... but it became apparent that weather conditions were getting worse as more vessels were dragging our way. We were holding - but our neighbors weren't.
That is the problem!

To be able to anchor also in tidal waters with currents up to 4 knots we carry a rather over sized gear with 50m of 8mm chain and a *main 35lb CQR on a boat of 32ft and 5,2 metric tonnes and with that we never really faced the problem of dragging yet (except on the poor grounds of the anchorage in La Coruna/Spain). With this gear we even weathered a 50kn Levante that lasted two days in a lagoon of Sancti Petri (south of Cadiz,Spain), with changing tidal streams from abeam. But we were alone, because all other yachts left for the marinas.

Dropping the anchor on a more or less crowded anchorage creates the problem. Anchoring in company is nice, as long as the conditions are favorable and stable. But as soon as the wind picks up and you give chain, or if the wind direction changes, you pretty soon end up very close to your neighbor... and you have to leave when you were the last one who dropped the hook.*

Some others don't give chain or rope or they use a too small anchor and go adrift. Lucky, if they just pass by and - nerve wrecking - *if they raise anchor, go back to windward and try it again right ahead of you. Also nerve wrecking, if you are in the way and you have to start working with fenders and all that. And maybe they pull out your hook as they pass by.*

So, most time we don't hesitate long - we leave early and find a more remote place a little outside the main anchorage or we avoid it right from the beginning, when the weather is not perfectly stable.

So, our strategy is to use the more remote anchorages, use a lot of chain and a rather heavy hook.

Uwe

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Old 12-10-2009, 04:33 PM   #9
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... even though anchoring in the channel was against the local law... nobody said anything about it before we departed, three days later. It's something I'd prefer to not have to go through again.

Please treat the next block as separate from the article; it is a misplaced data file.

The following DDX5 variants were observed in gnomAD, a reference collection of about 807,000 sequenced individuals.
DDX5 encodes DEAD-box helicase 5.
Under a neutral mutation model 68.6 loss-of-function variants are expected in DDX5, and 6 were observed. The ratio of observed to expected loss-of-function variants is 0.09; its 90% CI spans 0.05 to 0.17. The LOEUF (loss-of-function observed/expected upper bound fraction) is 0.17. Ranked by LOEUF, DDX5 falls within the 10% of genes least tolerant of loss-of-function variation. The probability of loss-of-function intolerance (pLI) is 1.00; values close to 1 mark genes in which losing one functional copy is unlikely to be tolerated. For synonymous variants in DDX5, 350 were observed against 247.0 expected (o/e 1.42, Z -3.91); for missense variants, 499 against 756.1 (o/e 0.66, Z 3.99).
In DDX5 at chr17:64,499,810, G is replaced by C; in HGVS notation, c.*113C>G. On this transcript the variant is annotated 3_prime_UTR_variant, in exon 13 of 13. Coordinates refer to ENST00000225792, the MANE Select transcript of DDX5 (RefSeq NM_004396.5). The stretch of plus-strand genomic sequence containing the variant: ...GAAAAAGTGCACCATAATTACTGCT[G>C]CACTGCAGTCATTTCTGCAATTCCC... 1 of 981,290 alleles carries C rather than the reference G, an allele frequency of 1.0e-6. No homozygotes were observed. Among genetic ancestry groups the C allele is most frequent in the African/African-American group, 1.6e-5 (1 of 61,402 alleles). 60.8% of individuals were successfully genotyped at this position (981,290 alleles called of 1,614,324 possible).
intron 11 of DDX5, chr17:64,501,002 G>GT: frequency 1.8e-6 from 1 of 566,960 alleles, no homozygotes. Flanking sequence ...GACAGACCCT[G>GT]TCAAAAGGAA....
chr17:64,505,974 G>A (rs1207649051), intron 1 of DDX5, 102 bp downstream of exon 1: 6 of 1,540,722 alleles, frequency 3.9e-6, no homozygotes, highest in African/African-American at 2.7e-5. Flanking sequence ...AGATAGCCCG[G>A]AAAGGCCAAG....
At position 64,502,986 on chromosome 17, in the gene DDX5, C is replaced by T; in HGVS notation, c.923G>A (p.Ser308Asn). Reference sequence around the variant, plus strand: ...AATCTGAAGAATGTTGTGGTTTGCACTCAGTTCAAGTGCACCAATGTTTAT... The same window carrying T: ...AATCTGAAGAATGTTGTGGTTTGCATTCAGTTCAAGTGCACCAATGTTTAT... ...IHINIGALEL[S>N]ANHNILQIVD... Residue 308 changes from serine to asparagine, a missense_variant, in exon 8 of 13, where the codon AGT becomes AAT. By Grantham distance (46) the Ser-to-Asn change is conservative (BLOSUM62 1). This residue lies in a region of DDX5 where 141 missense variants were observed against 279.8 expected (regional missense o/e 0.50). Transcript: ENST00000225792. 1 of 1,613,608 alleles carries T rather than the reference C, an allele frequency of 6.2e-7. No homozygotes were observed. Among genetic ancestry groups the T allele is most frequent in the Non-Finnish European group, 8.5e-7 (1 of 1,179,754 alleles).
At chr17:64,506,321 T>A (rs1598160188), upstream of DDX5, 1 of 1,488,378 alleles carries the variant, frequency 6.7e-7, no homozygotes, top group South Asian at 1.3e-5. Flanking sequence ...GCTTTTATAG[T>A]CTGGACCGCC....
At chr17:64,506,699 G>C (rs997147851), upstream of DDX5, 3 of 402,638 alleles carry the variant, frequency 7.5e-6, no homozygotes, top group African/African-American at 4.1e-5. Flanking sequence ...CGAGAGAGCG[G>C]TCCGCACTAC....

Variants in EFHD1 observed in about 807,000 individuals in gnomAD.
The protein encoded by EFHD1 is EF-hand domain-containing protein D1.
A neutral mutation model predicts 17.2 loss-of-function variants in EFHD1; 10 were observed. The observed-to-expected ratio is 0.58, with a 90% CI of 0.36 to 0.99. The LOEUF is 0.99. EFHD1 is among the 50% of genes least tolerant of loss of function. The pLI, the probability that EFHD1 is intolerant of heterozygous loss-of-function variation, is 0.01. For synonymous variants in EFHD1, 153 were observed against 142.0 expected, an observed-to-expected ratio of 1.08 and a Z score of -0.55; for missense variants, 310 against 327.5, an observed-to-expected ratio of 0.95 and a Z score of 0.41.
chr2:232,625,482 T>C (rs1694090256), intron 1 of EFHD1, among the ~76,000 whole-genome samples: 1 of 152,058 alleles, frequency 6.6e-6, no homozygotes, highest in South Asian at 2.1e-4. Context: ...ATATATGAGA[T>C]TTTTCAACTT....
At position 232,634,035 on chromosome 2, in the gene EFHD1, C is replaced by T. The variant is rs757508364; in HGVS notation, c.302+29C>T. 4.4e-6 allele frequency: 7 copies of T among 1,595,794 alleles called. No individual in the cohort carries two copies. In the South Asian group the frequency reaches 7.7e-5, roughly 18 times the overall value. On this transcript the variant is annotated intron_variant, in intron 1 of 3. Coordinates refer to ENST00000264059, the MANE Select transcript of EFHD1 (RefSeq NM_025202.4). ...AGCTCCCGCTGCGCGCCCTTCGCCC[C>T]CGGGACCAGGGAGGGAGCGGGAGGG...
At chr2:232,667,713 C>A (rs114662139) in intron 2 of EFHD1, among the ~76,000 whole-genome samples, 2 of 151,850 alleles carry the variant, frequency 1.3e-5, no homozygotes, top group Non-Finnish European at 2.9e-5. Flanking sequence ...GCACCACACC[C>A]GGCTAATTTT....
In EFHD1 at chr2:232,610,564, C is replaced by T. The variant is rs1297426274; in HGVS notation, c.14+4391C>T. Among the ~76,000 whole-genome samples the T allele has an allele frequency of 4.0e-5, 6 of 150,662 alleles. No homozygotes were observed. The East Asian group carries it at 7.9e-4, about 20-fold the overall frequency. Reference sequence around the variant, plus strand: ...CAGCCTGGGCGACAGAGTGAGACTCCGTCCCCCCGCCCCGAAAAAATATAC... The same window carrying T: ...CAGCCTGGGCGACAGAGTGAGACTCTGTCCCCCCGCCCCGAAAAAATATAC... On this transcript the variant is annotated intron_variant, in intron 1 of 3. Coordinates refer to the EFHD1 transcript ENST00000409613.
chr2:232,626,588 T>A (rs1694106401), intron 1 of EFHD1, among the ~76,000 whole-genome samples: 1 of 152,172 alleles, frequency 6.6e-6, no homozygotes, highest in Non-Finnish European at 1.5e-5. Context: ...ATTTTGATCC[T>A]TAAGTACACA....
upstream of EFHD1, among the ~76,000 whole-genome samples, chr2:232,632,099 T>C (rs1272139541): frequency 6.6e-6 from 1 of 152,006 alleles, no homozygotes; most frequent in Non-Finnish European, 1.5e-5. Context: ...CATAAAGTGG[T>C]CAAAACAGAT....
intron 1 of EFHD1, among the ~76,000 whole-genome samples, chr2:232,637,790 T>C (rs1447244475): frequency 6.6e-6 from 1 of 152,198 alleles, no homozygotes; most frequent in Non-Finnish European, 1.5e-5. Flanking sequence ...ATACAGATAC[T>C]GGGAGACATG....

I assume you moved back to a legal position by the time conditions improved. I would have done the same thing. I doubt anybody wants to come out in those conditions to tell you to move.

I have used the "Nobody wants to come over here and stop me in these conditions" theory to do a lot of interesting things. Kayaking to Black's Beach and spending the night, for example. If telling you not to do something is, say, 10 times worse than doing something else, most authorities will pretend to not see you.

Thanks for the story.
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Old 12-10-2009, 04:43 PM   #10
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So, most time we don't hesitate long - we leave early and find a more remote place a little outside the main anchorage or we avoid it right from the beginning, when the weather is not perfectly stable.

So, our strategy is to use the more remote anchorages, use a lot of chain and a rather heavy hook.

Uwe

SY Aquaria
Agree with you in general! Stay away from crowds However, here on the west coast of California, anchorages are few and they are often crowded. Most cruisers are going to places with more choices than here of course. In our bay which is also a major harbor, all the "best" anchorages have been taken up by large mooring fields for permanent non-cruising boats. The few places where one is allowed to anchor are small and anchoring is by permit. There is also one very large but fairly shallow (10 ft to 15 ft deep waters) open area of the bay which would be our emergency place to go and anchor if things got too tight in a permitted anchorage. That area is unprotected but large enough that you could drag for over 1 mile north and south and 1/2 mile east and west without getting close to danger in any direction if you happened to anchor in the middle of it. No anchoring is officially allowed there but people go drop the hook during the day and fish, etc. If you grounded, it would be a soft grounding on a sandbar whereas all around the "official" anchorages there are numerous rocky embankments which tear up boats.